Set designer Christopher Chua devised a makeshift stage amid fallen columns and a crumbling façade as the setting for Leoncavallo’s melodrama. This was transformed into an elegant chamber dominated by towering columns and marble walls, where the relatives of the deceased Buoso Donati, aided and abetted by Gianni Schicchi, schemed and succeeded in getting their hands on his estate. Occasional projections of Florence’s Duomo through an archway provided a visual link to the city where the comedy is set. The one splash of color in the elegant Italianate backdrop was a large orange and yellow door.
It’s a challenge for major opera companies to cast the verismo repertoire nowadays, and the SLO wisely opted for a more lyrical approach. Singers took on roles in this nurturing venue to which they would otherwise need to give a wide berth. In both operas, the action coalesced around one character, due to the vivid flesh and blood personas that they created vocally and dramatically. In the Leoncavallo, it was Sachita Ito. Nedda is somewhat of a cypher, the object of three men’s desire, with a fatalistic bent. Ito brought all these facets of the character’s personality to life and her singing of Nedda’s Act I aria, “Stridono lassù,” was the vocal high point of the evening.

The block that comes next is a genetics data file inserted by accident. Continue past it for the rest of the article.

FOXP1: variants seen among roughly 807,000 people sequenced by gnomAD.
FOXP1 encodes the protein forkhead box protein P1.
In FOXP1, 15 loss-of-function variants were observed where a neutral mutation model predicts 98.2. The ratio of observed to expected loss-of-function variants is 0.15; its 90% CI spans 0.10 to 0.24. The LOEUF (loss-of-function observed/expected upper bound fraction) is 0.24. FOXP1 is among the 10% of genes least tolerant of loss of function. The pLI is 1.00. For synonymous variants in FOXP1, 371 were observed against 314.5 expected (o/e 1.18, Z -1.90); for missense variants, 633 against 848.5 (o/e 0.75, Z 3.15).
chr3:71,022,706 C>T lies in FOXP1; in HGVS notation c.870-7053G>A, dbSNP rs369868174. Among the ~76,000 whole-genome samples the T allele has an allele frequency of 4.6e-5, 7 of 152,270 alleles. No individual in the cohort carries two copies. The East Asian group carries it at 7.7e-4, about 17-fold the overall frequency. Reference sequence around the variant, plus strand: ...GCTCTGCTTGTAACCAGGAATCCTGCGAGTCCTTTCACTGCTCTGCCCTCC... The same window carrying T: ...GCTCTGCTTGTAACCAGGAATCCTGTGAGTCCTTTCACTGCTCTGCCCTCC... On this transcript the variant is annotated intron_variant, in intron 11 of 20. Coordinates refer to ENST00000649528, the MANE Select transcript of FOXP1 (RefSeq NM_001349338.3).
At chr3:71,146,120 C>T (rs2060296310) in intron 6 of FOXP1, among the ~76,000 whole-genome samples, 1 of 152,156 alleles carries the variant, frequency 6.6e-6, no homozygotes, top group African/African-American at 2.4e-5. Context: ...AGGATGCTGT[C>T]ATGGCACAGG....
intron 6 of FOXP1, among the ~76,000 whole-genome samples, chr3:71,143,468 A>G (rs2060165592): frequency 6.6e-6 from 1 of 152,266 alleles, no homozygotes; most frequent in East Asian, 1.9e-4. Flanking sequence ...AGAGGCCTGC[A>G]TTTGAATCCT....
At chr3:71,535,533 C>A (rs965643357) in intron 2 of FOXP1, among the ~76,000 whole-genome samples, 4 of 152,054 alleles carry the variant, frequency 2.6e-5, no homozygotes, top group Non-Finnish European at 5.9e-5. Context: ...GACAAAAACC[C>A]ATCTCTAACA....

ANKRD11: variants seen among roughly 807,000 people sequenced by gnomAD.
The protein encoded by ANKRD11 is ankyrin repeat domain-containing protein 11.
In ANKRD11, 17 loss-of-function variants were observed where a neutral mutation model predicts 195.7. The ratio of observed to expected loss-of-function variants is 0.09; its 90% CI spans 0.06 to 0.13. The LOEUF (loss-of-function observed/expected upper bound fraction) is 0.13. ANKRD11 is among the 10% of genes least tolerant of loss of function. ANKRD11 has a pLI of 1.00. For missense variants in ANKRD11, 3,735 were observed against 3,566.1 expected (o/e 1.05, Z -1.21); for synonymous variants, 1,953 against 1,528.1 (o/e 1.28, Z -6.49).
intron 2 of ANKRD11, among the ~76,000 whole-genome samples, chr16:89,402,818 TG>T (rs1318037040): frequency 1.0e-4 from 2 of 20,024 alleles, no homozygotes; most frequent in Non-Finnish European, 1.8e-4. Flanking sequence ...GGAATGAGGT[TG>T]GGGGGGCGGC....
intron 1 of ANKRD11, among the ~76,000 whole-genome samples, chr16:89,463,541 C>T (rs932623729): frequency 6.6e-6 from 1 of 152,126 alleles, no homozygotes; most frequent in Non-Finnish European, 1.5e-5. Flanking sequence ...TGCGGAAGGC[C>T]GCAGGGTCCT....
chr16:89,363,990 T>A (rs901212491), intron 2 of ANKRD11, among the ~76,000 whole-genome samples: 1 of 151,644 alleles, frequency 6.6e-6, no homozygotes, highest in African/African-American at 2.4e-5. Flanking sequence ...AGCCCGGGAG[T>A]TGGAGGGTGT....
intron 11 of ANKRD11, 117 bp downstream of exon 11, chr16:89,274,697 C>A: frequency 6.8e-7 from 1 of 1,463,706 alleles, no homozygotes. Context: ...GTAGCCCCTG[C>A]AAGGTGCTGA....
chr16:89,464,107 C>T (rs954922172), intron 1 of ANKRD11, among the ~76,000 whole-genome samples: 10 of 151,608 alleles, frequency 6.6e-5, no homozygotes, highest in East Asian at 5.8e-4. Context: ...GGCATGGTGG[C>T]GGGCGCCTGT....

Lee Jae Wook’s lovely lyric tenor is just not the voice to tackle the demands of Leoncavallo’s famous clown. The South Korean tenor has a wonderful way with words, the text tripping off his tongue, but the vocal strain was evident. Dramatically, however, he captured the complexity of this egoistical, vengeful man with a hair-trigger temper. William Lim’s Tonio was underwhelming vocally and dramatically in the crucial opening scene, but put him in a clown’s costume and he comes to life. The same was true for the goodhearted Beppe of Lemuel dela Cruz from the Philippines. Martin Ng was likewise a light-voiced Silvia. One of the current generation of Singaporean singers studying and making the start of a career abroad, Ng exuded wholesomeness. In his military uniform, I just could not shake the image of him in the role of Lt. Joe Cable in Rodgers and Hammerstein’s South Pacific.